I am very excited to introduce Safing ICS Technologies GmbH as the first sponsor of the PrivacyTools project. Safing is developing the Safing Privacy Network ("SPN", formerly Gate17), a decentralized network designed to protect both connection data and metadata, and focusing on speed and usability.
Safing and its founders share many of the same privacy ideals as our team, and we are very excited to support each other moving forward. You can read more about this sponsorship and what it means to them on the Safing Blog.
We are delighted to be in a position where we are able to share our resources, and equally enthusiastic that we can start this off by supporting the amazing team behind the PrivacyTools venture.
SPN is still in development, with a Kickstarter launch planned for January 2020. Therefore, we have not been able to test their products first hand. But, the PrivacyTools team has been very impressed with their company values and founders, and the technical details behind SPN sound promising. We hope to watch Safing grow with the privacy community and encourage you to check out their website at Safing.io.
The Future for PrivacyTools
Some of our members have asked us about our plans for funding like this, and we have a lot of short- and long-term goals I would like to take this opportunity to share with you.
Right now it is important for us to stay put. Funding from our initial sponsors like Safing will be saved and used carefully. PrivacyTools has always existed in a precarious position of private funding and high out-of-pocket expenses, so having a reserve in place and continual future funding will help ensure our self-sustainability and independence. If we were to use this funding to expand our services now, we would be in a situation where we are too reliant on a single entity (in this case Safing), which might jeopardize our independence despite the best intentions of everybody involved.
In the future we wish to offer more services, especially on platforms that currently receive little support. Networks like Mastodon are reaching relatively high adoption levels, while smaller projects like PeerTube could use some additional exposure.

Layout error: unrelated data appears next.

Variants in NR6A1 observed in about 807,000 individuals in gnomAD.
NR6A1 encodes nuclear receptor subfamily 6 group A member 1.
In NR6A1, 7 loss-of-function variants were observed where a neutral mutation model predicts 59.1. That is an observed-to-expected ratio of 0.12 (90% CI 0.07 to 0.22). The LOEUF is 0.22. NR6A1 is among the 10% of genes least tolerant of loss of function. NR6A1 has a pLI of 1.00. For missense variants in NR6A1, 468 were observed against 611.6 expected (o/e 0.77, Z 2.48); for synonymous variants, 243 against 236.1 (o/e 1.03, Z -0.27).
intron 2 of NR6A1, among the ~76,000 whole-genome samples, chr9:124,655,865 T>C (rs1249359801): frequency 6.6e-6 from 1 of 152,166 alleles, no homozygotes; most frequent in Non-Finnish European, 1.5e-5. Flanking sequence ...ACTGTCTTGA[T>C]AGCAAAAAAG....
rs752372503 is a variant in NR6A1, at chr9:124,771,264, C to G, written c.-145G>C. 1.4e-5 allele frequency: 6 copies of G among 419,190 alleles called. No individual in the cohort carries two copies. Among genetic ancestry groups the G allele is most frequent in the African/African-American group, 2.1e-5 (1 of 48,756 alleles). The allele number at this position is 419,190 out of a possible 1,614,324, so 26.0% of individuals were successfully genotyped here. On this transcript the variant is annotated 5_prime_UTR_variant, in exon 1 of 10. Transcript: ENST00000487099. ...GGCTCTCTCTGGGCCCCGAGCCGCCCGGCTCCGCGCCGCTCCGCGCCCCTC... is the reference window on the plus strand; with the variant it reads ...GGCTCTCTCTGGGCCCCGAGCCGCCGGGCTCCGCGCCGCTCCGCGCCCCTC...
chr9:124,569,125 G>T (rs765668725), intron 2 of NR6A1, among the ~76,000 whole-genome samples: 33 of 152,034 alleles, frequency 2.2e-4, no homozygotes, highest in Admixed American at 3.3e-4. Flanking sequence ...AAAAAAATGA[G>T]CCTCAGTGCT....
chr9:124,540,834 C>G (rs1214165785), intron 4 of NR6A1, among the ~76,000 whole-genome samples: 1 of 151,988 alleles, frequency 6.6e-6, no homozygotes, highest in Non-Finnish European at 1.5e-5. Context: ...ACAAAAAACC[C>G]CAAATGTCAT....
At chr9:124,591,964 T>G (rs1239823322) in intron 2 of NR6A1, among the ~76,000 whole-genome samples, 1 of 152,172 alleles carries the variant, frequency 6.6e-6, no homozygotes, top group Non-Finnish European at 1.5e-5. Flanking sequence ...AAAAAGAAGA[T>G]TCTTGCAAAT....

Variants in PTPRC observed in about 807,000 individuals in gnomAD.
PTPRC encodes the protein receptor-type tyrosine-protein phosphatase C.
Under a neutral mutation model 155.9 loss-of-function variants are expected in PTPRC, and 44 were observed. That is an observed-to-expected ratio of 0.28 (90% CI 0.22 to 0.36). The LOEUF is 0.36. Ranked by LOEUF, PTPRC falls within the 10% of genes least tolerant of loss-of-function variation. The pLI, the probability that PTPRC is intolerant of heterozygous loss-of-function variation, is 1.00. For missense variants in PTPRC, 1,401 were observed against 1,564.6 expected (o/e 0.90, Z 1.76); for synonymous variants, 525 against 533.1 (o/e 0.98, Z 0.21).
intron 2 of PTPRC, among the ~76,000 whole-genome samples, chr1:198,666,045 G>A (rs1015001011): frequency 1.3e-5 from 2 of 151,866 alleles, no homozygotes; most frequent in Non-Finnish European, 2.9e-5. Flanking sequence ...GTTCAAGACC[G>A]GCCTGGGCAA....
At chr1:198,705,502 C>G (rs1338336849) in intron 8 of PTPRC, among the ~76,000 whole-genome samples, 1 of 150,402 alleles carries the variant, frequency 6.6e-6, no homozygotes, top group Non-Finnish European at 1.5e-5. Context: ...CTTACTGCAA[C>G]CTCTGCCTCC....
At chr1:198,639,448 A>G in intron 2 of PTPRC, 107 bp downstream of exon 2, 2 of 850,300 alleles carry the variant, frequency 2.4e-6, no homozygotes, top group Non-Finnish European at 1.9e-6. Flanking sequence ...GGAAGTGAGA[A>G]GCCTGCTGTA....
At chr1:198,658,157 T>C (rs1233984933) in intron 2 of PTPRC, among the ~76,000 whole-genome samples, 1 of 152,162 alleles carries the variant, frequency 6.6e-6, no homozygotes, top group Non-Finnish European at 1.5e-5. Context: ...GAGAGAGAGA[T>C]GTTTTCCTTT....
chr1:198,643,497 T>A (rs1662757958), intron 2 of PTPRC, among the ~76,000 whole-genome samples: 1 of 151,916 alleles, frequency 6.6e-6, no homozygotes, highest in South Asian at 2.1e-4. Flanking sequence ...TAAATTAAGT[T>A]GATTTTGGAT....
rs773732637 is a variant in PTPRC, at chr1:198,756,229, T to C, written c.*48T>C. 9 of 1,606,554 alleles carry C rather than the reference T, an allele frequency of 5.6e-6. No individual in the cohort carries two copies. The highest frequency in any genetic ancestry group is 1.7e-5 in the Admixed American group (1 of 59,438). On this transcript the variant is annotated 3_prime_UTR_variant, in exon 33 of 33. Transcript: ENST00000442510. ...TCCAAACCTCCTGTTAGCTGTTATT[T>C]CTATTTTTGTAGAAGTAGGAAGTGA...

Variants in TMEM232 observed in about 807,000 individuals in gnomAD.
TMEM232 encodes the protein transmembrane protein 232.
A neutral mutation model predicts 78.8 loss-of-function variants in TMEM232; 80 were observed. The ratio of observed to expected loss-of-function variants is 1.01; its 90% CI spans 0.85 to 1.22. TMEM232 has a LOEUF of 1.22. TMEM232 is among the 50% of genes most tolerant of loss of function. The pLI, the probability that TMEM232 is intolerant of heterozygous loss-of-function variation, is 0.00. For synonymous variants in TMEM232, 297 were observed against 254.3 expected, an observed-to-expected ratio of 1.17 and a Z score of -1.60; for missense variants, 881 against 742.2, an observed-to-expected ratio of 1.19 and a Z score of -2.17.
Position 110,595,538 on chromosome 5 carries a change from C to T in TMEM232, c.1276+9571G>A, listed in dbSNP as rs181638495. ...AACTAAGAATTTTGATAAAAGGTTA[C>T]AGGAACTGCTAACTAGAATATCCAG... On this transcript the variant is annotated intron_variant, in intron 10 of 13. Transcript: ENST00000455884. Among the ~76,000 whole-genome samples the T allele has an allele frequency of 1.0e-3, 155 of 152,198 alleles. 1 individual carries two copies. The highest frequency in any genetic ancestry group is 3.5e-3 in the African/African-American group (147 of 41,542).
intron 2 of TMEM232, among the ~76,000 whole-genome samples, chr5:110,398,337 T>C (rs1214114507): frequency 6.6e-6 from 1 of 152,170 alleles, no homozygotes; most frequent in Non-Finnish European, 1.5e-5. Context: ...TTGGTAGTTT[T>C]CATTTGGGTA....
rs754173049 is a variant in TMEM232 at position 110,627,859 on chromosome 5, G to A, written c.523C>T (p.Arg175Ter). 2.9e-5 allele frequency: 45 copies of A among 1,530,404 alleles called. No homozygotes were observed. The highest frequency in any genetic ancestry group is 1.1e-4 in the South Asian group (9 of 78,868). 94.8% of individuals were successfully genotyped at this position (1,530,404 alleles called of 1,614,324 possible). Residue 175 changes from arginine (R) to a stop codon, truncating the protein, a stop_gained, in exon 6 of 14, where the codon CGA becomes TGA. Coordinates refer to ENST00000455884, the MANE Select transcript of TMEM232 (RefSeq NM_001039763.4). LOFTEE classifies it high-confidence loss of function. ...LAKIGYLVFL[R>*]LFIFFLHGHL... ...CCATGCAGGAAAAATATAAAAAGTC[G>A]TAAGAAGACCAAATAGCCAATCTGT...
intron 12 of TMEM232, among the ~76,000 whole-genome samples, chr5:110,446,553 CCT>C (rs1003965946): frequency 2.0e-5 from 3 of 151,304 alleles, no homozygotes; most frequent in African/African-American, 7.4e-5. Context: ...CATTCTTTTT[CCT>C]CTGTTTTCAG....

The problem with projects like PeerTube is mostly resource-based. In PeerTube's case, storage is a huge issue for us to provide. Future sponsors and private funding of PrivacyTools can hopefully change that around. While we don't wish to do this solely with Safing's money for the independence reasons outlined above, it is in the works. If you want to support our mission, please consider giving a monthly donation to us at OpenCollective, every dollar counts. Our end goal is to be completely funded by our fantastic community, and I really believe that is possible.
We also wish to increase the reliability of our current services, and expand our server network internationally. This will allow more redundancy and increase performance for many users. Currently, all of our users connect to a single datacenter in France, causing slowdowns for many. Additionally, a few months ago we were the target for a month-long DDoS attack, and while it didn't take us offline thanks to our host's security networks, we did experience some intermittent networking issues across some services that people definitely noticed. Mirroring our site and distributing our services across continents would help further mitigate these issues in the future.
For those of you wondering what we wish to do with our funding, I hope this makes things more clear. If you have any questions feel free to reach out on Matrix at #general:privacytools.io!
We take the recommendations and content on PrivacyTools's sites and services very seriously, and we do not allow our sponsors or other financial contributors to make any decisions regarding the editorial content of our site. All financial transactions are published on OpenCollective, and all editorial changes are published on GitHub for community audit. PrivacyTools is a non-profit collective. Learn more about our sponsorship program and requirements at privacytools.io/sponsors.